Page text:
Great post!

  22. oneofnine says:

    Isn’t this similar to the book where the guys interview hundreds of millionares in America and discover that most of them live frugally and invest heavily in the future? The book (I’m sure you know what I’m talking about but the title escapes me right this minute) pinpoints the difference between being wealthy and being affluent. The affluent may have high incomes but still live beyond their means and often carry large amounts of debt. The wealthy, on the other hand, live well BELOW their means and could comfortably maintain their lifestyle with their investment and savings for years to come if their income suddenly disappeared.

    It’s not a hard choice for me! I’d certainly rather be wealthy than affluent. Which is one of the reasons why both my spouse and I have our own businesses and expect to “retire” in our 40’s. It’s not a sacrifice; its a pleasure knowing that our future is secure because of the decisions we made yesterday and today. What could be better?

    Great post!

  23. Steve says:

    Nice post Trent! I just wrote a quick blog about the same topic, but from a different approach. I like your’s better ;)

  24. Charles Cohn says:

    About the most important decision a person needs to make in their life is whether or not to have children. It should be a considered decision, not just letting it happen. I decided in my early teens that I never wanted to have children, and that decision has served me well up through the age of 77 where I am now.

  25. Dawn says:

    But what to you trade when you don’t have anything to trade with? I am a single parent. I brwon bag lunch every day, take coffee from home, haven’t seen a movie in years, don’t eat out, live in MN and keep the heat set at 62. I live very simply and frugally. My one luxury is the internet. I purchase groceries from a list and don’t deviate, clip coupons, drive a 7 year old car – try not to make any unnecessary trips.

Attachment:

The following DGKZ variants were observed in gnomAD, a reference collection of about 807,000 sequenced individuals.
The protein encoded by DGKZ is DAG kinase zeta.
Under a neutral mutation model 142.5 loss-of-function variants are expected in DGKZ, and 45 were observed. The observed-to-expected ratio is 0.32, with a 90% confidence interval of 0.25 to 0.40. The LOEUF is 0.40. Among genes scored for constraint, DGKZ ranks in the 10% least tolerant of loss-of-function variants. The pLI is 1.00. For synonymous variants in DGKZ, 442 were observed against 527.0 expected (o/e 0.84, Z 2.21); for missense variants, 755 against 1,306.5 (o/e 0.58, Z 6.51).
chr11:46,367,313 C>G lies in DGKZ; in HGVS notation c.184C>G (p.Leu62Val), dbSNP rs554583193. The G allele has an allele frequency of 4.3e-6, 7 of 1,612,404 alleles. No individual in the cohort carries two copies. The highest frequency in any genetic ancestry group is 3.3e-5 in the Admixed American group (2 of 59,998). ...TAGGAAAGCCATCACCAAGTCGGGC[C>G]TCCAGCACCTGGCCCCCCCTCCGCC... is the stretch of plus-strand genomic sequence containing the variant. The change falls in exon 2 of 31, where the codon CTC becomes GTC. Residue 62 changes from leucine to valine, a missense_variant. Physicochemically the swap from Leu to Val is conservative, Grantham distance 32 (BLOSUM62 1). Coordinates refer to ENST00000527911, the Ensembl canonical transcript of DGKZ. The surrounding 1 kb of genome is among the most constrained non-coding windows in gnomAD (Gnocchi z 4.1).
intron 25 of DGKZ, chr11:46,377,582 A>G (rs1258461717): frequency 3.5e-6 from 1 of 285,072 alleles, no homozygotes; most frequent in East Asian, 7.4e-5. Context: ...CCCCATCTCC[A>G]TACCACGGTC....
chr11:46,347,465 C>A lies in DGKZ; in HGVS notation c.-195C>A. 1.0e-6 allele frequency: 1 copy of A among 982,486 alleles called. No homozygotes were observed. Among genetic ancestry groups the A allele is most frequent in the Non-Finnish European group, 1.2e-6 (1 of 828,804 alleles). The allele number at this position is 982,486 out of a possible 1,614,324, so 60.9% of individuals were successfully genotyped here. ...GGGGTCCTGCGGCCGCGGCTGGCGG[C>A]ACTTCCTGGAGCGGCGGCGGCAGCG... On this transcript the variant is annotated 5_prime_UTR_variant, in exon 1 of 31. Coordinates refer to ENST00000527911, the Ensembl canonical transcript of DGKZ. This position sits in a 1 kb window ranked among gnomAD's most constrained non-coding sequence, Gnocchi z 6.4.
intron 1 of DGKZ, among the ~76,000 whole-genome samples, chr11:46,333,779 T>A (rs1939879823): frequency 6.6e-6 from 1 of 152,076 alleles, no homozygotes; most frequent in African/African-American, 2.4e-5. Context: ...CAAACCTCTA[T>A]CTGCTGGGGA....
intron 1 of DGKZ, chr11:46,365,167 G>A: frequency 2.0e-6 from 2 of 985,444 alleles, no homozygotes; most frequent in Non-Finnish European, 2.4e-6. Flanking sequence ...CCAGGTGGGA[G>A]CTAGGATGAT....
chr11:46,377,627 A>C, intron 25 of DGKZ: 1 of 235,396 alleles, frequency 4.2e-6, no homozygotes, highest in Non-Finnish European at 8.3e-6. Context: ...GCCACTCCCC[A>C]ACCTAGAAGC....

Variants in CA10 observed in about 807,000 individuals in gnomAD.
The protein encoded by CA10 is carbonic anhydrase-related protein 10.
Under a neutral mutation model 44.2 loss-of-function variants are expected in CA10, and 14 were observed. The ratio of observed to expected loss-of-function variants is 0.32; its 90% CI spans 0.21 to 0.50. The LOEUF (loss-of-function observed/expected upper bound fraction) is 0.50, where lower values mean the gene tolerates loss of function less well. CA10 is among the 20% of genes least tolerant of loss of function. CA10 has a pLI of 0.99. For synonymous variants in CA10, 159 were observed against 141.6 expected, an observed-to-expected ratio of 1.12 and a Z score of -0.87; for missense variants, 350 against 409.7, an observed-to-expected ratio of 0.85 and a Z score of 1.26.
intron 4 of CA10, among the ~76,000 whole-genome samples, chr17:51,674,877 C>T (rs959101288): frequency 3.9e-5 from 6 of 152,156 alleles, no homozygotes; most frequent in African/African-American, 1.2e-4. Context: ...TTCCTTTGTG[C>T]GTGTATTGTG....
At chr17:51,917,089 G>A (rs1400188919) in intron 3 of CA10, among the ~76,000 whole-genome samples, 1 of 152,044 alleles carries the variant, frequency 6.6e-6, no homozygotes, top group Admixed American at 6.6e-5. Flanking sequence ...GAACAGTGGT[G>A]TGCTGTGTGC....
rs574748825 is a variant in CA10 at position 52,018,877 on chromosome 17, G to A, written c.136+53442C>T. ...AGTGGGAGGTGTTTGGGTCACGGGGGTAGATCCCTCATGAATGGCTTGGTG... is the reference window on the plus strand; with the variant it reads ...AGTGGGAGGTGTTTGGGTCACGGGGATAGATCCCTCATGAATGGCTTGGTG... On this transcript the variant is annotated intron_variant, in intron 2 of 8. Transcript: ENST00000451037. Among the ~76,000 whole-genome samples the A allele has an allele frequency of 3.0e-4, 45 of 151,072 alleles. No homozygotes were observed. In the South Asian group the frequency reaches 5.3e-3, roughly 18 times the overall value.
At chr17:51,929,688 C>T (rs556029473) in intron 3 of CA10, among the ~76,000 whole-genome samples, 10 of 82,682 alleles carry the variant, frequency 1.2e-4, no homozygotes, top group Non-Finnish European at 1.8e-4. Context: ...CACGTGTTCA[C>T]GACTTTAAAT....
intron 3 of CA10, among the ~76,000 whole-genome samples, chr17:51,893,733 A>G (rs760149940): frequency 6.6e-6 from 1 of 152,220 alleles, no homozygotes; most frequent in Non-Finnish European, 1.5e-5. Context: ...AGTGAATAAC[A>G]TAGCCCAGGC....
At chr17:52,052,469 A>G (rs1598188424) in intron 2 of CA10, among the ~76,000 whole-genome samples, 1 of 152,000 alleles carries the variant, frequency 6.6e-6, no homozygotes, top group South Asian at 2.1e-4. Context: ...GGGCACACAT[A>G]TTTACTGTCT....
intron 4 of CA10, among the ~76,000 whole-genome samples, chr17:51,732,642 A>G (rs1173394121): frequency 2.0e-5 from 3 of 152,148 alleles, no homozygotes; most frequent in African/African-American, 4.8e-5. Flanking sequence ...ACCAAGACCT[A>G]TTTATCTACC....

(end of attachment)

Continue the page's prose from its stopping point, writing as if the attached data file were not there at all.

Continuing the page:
I don’t have much to trade. Sometimes I think its not much of a life, but its what I can barely afford. I’m not trying to whine, I am at least employed, have a roof, food, etc. Probably better off than a lot of people. I just think sometimes its not as easy to say “make a trade off” when there is very little to trade in the first place.

  26. Meggles says:

    Trent, I really like how you substituted the word ‘sacrifice’ for ‘trade’. When giving up enjoyable, but wasteful habits, it feels like a sacrifice in the short term. But in the long term, one trades short-term enjoyment for long-term security and stability. My own area of temptation is cute outfits for our daughter and things for the house. I’ve gotten better, but still working on the siren call of those two things.

  27. Goal Hunter says:

    I like it. There’s no need to judge one as worse or better than the other, it’s just about which path takes you where you want to go.

    oneofnine: I think the book is called “The Millionaire Next Door” by Thomas Stanley.

  28. tammy says:

    Dr Wayne Dyer says, “When you change the way you look at things, the things you look at change.”